Jane: My snarky answer is by hard work and not writing to get an award. The true answer is the phone rang and it was Lin. I thought she wanted to talk about either a project we were considering doing together or my decision to leave the board or ask for advice about something else going on. We've been friends since SCBW (without the I) began. And she said that MAPPING THE BONES had won and I (and you know me so this was BIG!) was speechless. Then she said "Who would you want to introduce you and say a few words about you and the book?" And I said, "Can I have two people?" She said, Sure." And I said, "(My daughter) Heidi who gave up the two weeks on a small island in Maine to sit out while the others were kayaking to be my beta reader. She had also been moral support in the 4 1/2 years I worked on the book, and you, Lin, because we have been friends for so long."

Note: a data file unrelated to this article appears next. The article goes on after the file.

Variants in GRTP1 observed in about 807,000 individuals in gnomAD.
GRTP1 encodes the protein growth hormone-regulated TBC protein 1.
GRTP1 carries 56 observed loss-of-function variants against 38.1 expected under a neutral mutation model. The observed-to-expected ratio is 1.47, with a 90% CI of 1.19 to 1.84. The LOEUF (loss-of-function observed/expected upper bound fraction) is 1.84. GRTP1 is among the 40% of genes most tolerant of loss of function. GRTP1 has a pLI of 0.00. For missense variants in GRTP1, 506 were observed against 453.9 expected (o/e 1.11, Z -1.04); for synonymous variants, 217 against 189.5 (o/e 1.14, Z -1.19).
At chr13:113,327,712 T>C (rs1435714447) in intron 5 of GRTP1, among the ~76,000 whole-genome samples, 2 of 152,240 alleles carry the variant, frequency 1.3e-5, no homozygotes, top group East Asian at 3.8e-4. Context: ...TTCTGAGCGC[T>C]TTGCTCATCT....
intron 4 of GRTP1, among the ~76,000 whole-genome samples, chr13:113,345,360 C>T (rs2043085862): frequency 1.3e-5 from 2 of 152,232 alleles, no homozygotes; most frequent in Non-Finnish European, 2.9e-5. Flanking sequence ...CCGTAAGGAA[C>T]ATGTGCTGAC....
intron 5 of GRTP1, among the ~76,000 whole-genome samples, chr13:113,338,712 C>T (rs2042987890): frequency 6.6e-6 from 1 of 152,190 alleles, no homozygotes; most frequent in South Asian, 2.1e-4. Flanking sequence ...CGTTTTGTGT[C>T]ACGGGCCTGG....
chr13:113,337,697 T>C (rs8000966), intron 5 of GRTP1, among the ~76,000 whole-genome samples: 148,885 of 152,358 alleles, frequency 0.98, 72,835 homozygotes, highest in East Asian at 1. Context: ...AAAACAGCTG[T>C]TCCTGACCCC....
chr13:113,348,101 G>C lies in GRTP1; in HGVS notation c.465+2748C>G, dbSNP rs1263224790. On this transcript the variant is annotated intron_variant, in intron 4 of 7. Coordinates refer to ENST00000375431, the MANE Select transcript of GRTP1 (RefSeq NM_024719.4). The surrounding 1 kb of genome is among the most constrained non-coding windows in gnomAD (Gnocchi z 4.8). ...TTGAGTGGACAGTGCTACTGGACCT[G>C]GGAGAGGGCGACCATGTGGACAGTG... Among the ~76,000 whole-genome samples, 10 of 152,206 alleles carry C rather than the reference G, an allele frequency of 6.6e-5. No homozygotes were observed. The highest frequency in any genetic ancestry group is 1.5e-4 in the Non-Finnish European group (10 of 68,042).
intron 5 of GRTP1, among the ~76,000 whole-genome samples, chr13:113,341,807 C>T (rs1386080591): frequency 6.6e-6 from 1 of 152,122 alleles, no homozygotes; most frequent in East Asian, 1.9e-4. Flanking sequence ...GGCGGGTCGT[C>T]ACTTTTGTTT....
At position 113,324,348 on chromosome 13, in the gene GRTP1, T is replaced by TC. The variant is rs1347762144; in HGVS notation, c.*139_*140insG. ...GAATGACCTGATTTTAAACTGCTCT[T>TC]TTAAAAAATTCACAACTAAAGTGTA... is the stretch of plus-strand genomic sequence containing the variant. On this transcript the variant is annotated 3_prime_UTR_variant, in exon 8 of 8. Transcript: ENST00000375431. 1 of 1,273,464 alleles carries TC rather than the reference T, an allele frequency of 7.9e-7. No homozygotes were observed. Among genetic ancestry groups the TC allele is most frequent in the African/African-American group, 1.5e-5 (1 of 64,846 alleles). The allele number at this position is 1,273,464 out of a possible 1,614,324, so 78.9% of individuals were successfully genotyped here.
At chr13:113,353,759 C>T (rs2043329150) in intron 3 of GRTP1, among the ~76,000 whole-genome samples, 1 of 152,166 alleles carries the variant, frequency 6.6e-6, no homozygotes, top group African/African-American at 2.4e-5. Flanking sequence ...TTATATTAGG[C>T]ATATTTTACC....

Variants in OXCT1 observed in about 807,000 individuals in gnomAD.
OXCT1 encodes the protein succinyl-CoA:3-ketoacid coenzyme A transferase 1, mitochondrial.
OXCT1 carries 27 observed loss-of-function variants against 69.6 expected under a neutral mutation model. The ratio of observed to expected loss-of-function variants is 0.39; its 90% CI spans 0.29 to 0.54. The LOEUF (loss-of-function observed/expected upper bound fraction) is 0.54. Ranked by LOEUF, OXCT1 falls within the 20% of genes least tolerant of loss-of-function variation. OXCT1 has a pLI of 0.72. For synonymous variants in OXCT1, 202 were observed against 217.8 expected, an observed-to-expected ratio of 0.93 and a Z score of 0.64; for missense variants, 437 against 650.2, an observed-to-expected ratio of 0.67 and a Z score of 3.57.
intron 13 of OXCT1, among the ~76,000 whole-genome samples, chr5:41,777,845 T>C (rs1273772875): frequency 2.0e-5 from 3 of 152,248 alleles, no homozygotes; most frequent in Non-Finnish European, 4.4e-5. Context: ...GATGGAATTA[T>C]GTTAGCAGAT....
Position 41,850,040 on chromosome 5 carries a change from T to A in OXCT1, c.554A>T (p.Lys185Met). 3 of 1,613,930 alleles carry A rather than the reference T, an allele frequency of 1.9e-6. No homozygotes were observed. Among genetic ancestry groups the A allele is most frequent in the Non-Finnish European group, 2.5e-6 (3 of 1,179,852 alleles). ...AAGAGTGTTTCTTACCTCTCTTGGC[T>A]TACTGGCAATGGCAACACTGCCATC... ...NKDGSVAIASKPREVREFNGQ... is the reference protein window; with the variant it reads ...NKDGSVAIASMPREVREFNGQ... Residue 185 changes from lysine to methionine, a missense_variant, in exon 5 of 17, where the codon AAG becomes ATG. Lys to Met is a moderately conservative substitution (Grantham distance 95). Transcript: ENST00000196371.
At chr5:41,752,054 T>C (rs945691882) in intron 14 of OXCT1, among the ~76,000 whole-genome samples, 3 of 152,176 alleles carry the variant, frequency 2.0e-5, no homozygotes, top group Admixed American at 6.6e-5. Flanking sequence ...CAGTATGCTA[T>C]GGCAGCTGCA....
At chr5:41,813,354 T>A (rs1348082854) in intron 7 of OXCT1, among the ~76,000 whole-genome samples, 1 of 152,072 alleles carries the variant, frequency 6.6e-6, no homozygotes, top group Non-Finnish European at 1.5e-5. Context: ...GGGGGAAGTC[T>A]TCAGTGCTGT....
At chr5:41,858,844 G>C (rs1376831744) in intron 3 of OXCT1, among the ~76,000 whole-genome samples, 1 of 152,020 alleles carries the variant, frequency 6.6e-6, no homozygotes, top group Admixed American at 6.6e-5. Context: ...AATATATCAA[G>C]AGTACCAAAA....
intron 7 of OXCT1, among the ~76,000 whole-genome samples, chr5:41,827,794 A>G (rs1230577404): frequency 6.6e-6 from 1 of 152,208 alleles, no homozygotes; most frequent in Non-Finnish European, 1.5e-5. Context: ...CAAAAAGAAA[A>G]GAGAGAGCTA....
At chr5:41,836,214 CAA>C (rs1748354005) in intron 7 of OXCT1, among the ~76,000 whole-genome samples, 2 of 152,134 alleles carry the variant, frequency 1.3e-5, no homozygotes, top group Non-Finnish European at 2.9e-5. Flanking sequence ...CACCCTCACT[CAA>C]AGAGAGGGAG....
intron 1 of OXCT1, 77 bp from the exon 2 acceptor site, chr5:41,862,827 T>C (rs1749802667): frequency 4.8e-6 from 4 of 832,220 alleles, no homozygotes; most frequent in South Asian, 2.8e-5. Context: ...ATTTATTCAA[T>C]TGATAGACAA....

Lee: It was a lovely moment. Can you pitch us to move Mapping The Bones to the top of our To-Be-Read pile?

Jane: A Holocaust novel hung on the armature of Hansel & Gretel, set first in Lodz ghetto, then in the forest with the partisans, and lastly in a labor camp. And yes, there's a witch character (A Nazi of course) and an oven.

Lee: Wow. Is there an Ah-ha! Moment from the book’s creation you can share?

Jane: I didn't know until about five chapters from the end who the witch character was going to be though given this was a Nazi camp, I had the oven ready. But since the main characters are twins, Chaim and Gittel. and I'd seeded the Mengele twin experiments earlier, it was just a matter of time till I figured it out.

Lee: How long have you been a member of SCBWI, and how has SCBWI helped on your journey?